About SYC . . .

School for Young Children Welcome to the website of the School for Young Children in Columbus, Ohio. Our program was founded in 1969 as a part-time preschool program.  Our philosophy has remained consistent through the years; that children be allowed to develop at their own pace in an atmosphere of free play enriched with a variety of creative materials and the support of teachers who respect them as individuals.

As a community outreach program of the First Unitarian Universalist Church, we are a welcoming school--we do not discriminate upon the basis of race, color, religion, gender, sexual orientation, economic status, or cultural background of parents or children.

SYC Family Play Date

Posted on September 27, 2016 in category From the Office


Friday, September 30, 5:30-7:00 PM

Come play, visit, and get to know other SYC families.

We’ll have:

All three playgrounds open!

Creative stuff in Fellowship Hall!

A super-cool exploration space with all four of our sensory tables!

A food truck on-site, or you’re welcome to bring a picnic supper!







The Power of Relationships

Posted on September 13, 2016 in category Director's Blog

The Power of Relationships

Throughout the year, visitors tour our program regularly.  We’re often asked, “What makes your program different?  What sets your program apart from other schools?” Our answer is always the same:  relationships. Relationships are what makes us unique.

Why are relationships such an integral part of our program?  Because as humans, we are social beings and crave connections. These connections provide us with a safe space in which to grow and learn, to take risks.

They help us learn to trust one another, which can have a lasting impact on the relationships we’ll form throughout our lives. Relationships are valuable in every aspect of our program.  They are the umbrella over everything we do.

Staff is the backbone of our program.   We strive to treat each other as we treat the children: with respect and dignity, honoring each other as individuals, and with acknowledgement of the unique gifts that each of us has to offer.  To do this, we have to know each other,  so we spend time building connections and bonding with one another, both personally and professionally,  in small and large groups.

We value our relationship and shared partnership with the First Unitarian Universalist Church.  A relationship we have nurtured for over 40 years.  Having open communication and a mutual interest in each other’s programs and events helps strengthen our relationship with each other.  We offer support and care, so both the church and SYC mutually benefit.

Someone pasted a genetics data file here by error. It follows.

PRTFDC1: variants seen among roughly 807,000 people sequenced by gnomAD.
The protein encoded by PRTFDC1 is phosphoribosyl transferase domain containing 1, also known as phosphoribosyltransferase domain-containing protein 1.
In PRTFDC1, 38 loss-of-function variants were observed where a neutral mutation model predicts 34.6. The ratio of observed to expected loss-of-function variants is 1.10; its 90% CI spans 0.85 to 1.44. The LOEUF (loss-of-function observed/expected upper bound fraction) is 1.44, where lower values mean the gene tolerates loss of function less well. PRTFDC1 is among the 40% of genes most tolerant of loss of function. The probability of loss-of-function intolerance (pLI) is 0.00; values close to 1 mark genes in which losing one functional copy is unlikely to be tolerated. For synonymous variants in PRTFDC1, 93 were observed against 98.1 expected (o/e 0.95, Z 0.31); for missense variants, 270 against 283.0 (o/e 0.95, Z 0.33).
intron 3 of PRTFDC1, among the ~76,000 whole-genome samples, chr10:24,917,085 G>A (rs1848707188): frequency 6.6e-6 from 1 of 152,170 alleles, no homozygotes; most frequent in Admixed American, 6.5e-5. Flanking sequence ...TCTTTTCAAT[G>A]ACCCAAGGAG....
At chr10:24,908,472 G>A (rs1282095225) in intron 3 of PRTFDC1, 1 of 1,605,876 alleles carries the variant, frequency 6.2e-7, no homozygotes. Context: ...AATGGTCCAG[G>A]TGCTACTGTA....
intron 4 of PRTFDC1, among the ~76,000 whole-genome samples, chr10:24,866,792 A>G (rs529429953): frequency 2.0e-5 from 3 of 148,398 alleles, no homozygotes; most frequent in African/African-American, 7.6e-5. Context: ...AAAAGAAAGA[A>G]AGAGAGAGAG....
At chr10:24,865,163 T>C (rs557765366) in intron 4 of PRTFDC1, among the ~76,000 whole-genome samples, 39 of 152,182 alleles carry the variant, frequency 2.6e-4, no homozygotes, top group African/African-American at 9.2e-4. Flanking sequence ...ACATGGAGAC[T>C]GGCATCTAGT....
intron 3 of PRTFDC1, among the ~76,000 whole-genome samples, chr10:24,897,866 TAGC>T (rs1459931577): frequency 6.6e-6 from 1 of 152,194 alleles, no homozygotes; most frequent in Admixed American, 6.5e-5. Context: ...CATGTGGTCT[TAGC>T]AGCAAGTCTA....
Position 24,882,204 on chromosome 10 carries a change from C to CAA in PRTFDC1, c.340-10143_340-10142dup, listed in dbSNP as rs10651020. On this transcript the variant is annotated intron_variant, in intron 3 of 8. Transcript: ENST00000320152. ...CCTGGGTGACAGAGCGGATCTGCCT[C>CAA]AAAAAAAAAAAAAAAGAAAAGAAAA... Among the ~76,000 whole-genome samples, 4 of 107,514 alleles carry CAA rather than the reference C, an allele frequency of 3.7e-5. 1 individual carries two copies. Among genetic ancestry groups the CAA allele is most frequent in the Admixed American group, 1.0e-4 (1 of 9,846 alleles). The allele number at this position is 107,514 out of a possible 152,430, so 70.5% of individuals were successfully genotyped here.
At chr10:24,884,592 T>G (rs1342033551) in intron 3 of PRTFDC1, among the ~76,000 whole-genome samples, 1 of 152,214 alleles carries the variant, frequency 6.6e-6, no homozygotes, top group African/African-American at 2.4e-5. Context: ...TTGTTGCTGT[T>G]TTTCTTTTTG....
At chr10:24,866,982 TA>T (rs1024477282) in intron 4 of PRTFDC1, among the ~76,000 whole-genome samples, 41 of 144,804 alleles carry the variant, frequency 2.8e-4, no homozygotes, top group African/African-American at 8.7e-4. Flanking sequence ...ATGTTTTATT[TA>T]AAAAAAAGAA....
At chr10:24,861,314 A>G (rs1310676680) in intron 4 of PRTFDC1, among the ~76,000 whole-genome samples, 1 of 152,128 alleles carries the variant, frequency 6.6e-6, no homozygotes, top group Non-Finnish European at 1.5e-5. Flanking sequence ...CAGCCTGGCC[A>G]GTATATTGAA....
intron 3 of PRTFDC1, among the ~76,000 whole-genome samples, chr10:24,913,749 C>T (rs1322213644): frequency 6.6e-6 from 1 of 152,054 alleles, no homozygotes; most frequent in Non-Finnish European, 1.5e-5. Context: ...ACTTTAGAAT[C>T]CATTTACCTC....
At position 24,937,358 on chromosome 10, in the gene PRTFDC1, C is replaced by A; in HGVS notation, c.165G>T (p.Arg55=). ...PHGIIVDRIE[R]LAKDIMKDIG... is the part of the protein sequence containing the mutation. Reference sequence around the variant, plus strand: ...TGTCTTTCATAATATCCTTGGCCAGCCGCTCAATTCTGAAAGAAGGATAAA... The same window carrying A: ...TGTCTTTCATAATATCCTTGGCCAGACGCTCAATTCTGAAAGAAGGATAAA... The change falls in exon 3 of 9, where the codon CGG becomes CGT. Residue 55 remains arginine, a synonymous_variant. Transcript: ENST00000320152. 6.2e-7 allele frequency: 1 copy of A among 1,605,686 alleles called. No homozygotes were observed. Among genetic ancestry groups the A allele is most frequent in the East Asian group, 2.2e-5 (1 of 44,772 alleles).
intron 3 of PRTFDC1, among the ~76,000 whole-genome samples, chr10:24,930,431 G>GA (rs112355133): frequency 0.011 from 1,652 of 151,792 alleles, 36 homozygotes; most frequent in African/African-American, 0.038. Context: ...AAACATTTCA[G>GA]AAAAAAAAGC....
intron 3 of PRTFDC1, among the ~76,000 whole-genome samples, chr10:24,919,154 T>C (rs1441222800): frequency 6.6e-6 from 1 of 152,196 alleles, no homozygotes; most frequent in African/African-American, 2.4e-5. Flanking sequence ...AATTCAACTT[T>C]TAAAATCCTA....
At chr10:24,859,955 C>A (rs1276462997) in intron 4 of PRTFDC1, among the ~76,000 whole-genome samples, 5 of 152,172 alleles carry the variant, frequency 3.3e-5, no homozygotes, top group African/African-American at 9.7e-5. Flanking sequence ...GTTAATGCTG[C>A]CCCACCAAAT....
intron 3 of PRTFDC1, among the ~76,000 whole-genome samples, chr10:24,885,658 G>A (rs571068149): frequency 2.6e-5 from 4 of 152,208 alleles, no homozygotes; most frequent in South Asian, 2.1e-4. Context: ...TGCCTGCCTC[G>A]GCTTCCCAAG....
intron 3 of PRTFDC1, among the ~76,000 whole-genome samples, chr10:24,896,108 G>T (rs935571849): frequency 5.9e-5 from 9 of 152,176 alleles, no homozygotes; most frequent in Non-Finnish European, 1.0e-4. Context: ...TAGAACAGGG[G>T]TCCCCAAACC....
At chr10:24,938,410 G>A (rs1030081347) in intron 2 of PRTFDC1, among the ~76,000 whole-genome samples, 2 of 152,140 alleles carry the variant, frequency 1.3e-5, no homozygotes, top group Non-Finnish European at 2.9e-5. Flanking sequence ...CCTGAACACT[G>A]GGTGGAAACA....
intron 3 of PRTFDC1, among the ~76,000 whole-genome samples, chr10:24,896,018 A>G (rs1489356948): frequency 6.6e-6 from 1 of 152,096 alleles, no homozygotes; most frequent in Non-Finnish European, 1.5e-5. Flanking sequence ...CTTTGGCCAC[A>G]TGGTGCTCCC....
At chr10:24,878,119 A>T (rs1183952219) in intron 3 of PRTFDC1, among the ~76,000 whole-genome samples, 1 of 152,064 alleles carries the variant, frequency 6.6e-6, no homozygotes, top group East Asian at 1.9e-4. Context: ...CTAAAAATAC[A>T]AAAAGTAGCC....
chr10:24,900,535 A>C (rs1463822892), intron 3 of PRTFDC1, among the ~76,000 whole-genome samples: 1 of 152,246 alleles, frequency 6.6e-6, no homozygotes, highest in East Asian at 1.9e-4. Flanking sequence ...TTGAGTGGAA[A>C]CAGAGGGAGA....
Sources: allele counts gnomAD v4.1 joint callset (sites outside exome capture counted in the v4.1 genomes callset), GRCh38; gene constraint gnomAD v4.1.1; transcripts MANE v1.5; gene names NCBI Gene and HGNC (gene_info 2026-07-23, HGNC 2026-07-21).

The teacher/caregiver partnership is another essential relationship here at SYC.  We know that you know your child best and we offer you support during your family’s journey at SYC that will hopefully also carry you far beyond the preschool years.

Emails and  informal conversations before or after class give us a chance to connect with individual caregivers and get to know each other, as do more formal opportunities such as parent-teacher conferences.

Parent Coffees and parent education nights are offered throughout the year.  Teachers help create these safe spaces where parents, in small and large groups, join in conversation about relevant topics, sharing their challenges as well as their successes. Caregivers support each other and our community gets stronger.

A relationship is not one sided.  We want to hear from you throughout the year. Need someone to bounce an idea off of, wonder why we do something, have a concern about our program or about your child, want to celebrate a milestone? Tell us! We want to grow and evolve alongside you and your child.

The social and emotional development of children is often talked about as the most important piece of our curriculum.  We want to meet each child where they are.  We want to honor their uniqueness, quirkiness, and their authentic selves.  We must develop and build a relationship with each child so that they can trust that we will care for them and keep them safe in our classrooms.   That is why we will not talk about your child in front of them unless they are included in the conversation.  We want to respect them and respect the relationship we are building.  We believe that each child is a real person who deserves to be respected.  That their feelings are valid and ideas are worthy.  It’s our job at SYC to offer them the time, space and materials for open ended play, to keep them emotionally safe, and to guide them through conflict resolution.